Even most Catholics do not understand what the Church teaches. But as stated before and explained by Pope Benedict, the key to understanding it is "love in truth." The Church teaches as "good news" that sex should be an act of love in truth, that is to say, a complete gift of self to the other in such a way that sex is both unitive and fruitful, and to separate sex from a complete gift of self, including one's fertility, to separate sex from its unitive and fruitful aspects, is to render it less than the fullness of love in truth.

Unitive refers to a communion of persons, in the sense of two becoming one. Fruitful refers in part to the nature of sexual relations which are accomplished with one's procreative organs, and that a couple should be open to the natural consequence of said act, namely new life in physical children. But fruitful also refers to the fullness of love being naturally dynamic and creative, bursting out of itself to produce something new spiritually, socially, etc.

Artificial contraception (and sex outside of marriage) interrupts and interferes with this fullness of love, unitive and fruitful, that should properly exist in sex and tends to reduce that sex instead to using the other as an object.

But nowhere will one find Catholicism calling for the criminalization of artificial contraception (or sex outside of marriage). People are free to contracept to their hearts content. Catholicism merely suggests that there is a better way.

Bender said...

On contraception, sexual morality in general, and abortion -- there is a linkage to them all. They are all related. But society need not regulate contraception in order to stop the killing of babies in abortion.

They are related, however. The mentality of contraception is, at root, anti-child, it is not open to the possibility of life, just as abortion is pervasively anti-child.

Bender said...

If you start with the idea that abortion is murder, and your goal is to eliminate abortion, you first have to analyze why abortion is wanted. It is wanted because of an unwanted pregnancy.

No. It is not about an unwanted pregnancy, such that abortion is merely a "termination of pregnancy." Abortion is wanted because of an unwanted child. It is the baby that is unwanted; it is a baby that must be terminated.

The purpose of abortion is a dead baby. That is why you have refusals to treat live newborns if they were intended to be abortions. That is why you have dismemberment abortions rather than inducement of early delivery. It's not about ending the pregnancy; it is about ending the baby whether she is in the womb or out.

Bender said...

I don't know a good solution

You might start with jettisoning your ignorant libertarian bigotry.

n.n said...

Mommy, where are you taking us? This isn't a hospital.

That said, four choices, and an equal right to self-defense through reconciliation. The wicked solution is neither a good nor exclusive choice. #HateLovesAbortion

stonethrower said...

WRT the Althouse grammar lesson for WAPO, there's a reason for proper grammar, just like pronouns.

Wa St Blogger said...

Abortion is wanted because of an unwanted child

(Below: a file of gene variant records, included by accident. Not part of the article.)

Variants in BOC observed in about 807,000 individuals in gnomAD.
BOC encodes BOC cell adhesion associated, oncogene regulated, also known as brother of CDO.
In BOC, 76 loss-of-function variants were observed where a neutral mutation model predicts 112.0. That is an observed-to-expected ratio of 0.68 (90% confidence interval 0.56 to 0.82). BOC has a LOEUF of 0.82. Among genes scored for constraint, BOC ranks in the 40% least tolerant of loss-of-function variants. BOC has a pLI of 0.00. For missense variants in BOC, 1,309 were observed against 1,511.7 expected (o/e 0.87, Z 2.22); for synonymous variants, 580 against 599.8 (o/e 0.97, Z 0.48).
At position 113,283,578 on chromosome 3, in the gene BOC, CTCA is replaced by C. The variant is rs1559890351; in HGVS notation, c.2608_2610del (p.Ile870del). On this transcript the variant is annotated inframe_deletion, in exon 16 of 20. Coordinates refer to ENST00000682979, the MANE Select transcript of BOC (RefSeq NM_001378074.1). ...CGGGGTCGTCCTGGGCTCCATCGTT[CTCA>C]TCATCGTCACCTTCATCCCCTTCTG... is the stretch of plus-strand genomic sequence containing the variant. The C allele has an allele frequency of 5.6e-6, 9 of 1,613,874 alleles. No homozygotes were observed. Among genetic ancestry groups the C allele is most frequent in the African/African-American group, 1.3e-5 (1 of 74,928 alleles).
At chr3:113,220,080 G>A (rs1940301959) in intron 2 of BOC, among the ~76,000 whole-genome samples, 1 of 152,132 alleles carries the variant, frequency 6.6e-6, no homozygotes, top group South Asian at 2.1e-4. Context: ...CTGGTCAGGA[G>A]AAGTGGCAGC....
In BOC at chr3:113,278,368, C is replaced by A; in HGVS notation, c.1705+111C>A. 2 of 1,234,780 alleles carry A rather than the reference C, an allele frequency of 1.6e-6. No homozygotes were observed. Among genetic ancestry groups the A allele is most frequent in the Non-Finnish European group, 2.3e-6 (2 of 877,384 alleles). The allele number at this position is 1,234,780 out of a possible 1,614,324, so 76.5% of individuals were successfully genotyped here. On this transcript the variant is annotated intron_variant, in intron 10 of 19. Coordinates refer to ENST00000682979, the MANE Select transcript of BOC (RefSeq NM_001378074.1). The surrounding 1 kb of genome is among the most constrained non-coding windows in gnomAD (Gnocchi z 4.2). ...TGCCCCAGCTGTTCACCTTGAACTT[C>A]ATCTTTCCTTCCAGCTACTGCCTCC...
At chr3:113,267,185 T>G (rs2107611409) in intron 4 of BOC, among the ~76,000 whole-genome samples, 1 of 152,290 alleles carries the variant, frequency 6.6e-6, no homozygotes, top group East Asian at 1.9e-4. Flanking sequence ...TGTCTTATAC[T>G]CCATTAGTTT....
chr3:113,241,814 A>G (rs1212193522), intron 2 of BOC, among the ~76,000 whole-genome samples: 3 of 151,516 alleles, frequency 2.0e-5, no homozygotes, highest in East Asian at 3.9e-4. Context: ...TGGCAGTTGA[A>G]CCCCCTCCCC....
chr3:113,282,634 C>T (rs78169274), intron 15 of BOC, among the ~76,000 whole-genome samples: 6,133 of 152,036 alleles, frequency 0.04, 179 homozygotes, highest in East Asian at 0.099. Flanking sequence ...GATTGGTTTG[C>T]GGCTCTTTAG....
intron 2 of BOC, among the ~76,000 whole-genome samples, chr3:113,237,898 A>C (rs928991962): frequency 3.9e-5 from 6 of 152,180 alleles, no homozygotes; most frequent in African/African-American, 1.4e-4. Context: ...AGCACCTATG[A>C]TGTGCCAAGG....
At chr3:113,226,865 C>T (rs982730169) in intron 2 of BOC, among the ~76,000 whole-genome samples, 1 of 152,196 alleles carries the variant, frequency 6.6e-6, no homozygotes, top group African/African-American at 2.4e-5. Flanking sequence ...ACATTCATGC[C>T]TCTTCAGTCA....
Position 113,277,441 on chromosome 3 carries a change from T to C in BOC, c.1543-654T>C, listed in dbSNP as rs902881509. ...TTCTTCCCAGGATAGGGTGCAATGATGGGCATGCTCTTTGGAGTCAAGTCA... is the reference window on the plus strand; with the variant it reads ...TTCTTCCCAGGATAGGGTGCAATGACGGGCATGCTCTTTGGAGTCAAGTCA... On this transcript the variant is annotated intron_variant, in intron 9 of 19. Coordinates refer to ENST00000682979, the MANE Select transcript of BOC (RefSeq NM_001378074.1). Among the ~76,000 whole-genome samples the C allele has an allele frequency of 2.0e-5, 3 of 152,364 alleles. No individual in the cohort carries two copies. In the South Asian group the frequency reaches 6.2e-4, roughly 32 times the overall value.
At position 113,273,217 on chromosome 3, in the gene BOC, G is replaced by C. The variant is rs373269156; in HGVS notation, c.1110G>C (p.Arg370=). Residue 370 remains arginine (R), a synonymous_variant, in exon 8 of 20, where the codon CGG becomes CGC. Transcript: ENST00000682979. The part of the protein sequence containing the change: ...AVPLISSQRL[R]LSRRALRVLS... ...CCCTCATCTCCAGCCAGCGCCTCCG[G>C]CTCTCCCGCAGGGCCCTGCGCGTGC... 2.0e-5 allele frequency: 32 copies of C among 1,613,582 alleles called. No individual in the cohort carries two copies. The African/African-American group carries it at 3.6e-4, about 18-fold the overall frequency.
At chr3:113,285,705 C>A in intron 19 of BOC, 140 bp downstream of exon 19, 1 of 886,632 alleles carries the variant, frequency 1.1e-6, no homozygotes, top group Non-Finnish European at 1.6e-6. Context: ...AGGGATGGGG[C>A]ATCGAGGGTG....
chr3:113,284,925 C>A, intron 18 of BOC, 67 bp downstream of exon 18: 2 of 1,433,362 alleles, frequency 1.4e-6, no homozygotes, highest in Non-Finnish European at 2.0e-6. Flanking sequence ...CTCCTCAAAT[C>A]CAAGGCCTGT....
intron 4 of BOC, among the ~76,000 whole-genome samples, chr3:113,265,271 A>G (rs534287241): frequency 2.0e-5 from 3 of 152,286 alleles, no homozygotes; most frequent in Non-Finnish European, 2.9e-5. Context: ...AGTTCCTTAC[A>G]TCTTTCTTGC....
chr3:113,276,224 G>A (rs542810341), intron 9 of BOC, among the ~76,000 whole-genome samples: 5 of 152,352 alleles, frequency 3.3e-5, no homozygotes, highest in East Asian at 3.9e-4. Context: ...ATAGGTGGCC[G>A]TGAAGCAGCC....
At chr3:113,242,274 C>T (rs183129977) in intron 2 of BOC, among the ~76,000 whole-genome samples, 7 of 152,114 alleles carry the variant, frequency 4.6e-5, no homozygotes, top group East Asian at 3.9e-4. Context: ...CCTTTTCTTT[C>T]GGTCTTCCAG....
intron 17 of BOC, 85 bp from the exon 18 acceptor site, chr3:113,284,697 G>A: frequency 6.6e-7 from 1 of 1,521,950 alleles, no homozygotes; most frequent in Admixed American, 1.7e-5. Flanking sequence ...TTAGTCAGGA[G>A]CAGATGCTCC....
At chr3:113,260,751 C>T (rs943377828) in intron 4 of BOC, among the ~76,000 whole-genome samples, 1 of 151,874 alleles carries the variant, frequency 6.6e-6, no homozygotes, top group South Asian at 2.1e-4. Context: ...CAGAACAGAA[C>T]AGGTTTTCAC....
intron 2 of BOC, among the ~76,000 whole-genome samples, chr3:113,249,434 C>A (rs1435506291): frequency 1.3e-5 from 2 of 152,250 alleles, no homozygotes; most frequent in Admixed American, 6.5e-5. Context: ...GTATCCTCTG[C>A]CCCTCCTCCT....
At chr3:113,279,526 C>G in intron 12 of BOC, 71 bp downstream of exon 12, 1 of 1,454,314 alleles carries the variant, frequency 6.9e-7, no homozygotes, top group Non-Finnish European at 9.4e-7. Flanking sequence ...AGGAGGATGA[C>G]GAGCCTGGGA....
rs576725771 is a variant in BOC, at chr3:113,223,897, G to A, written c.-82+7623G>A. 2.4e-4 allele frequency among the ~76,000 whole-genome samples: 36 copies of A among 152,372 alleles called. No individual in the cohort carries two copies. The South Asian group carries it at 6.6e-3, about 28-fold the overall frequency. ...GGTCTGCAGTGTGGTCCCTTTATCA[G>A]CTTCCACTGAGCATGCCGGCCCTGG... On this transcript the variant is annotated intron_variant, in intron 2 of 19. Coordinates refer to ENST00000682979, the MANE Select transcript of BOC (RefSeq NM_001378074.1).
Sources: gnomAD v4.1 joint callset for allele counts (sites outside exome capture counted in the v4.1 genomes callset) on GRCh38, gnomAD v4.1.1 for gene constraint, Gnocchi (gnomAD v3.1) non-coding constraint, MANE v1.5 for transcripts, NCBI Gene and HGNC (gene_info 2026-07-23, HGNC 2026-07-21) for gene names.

Your statement is more accurate than mine.

rhhardin said...

The rule is that the relative pronoun takes on the case required by its function in its own clause, not by anything outside the clause. The rule for whoever or whosoever, which mean "the person who," is that the who part operates by the same rule and the person part by whatever function it serves outside the clause. However the person part's case won't show up in the word.

rhhardin said...

IUDs prevent a fertilized egg from implanting, if you're into moment of conception equals baby dogma.

hombre said...

This is all just bullshit intended by Democrats and their consorts to draw attention away from the most legitimate question, Is abortion homicide, that is, "a killing of one human being by another?"

Scientifically, and in some states legally, the unequivocal answer is, "Yes!"

This evokes a second question, "What then is the justification for 60 million homicides post-Roe?" The rationale offered by the NYT's Ms. Gay, i.e., the ladies likes their pokes, doesn't really cut it.

bentoak said...

Since human life begins at conception, to end a pregnancy is to end a developing human life. This is a practice I cannot accept, except under limited circumstances. My view comes from reason, not religion. The crazies who protest at abortion clinics do not speak for me.

I support gay marriage fully, and I have no interest in the sex lives of others, as long as it is consensual and healthy.

Yancey Ward said...

Ask not for who the bell tolls......if you know what is good for you!

Jim at said...

They described to me how anti-choice...

Stopped reading right there as the author exposed themselves as pro-death and anti-life.

Bender said...
This comment has been removed by the author.
Bender said...

IUDs prevent a fertilized egg from implanting, if you're into moment of conception equals baby dogma

Yeah. And?

They also have led to a number of adverse reactions and damage to women's bodies. Not to mention once again putting the burden on women to cater to men's wants and desires rather than men taking responsibility themselves.

Bender said...

The crazies who protest at abortion clinics

The crazies who protest at abortion facilities do so as a matter of reason and science that since human life begins at conception, to end a pregnancy is to end a developing human life.

Religion enters into it in their charity and care for the women seeking abortions and who have had abortions.

Kirk Parker said...

William,

You've just been propagandized. The Puritans (the real ones, not the Hollywood movie/Margaret Atwood ones) never taught that.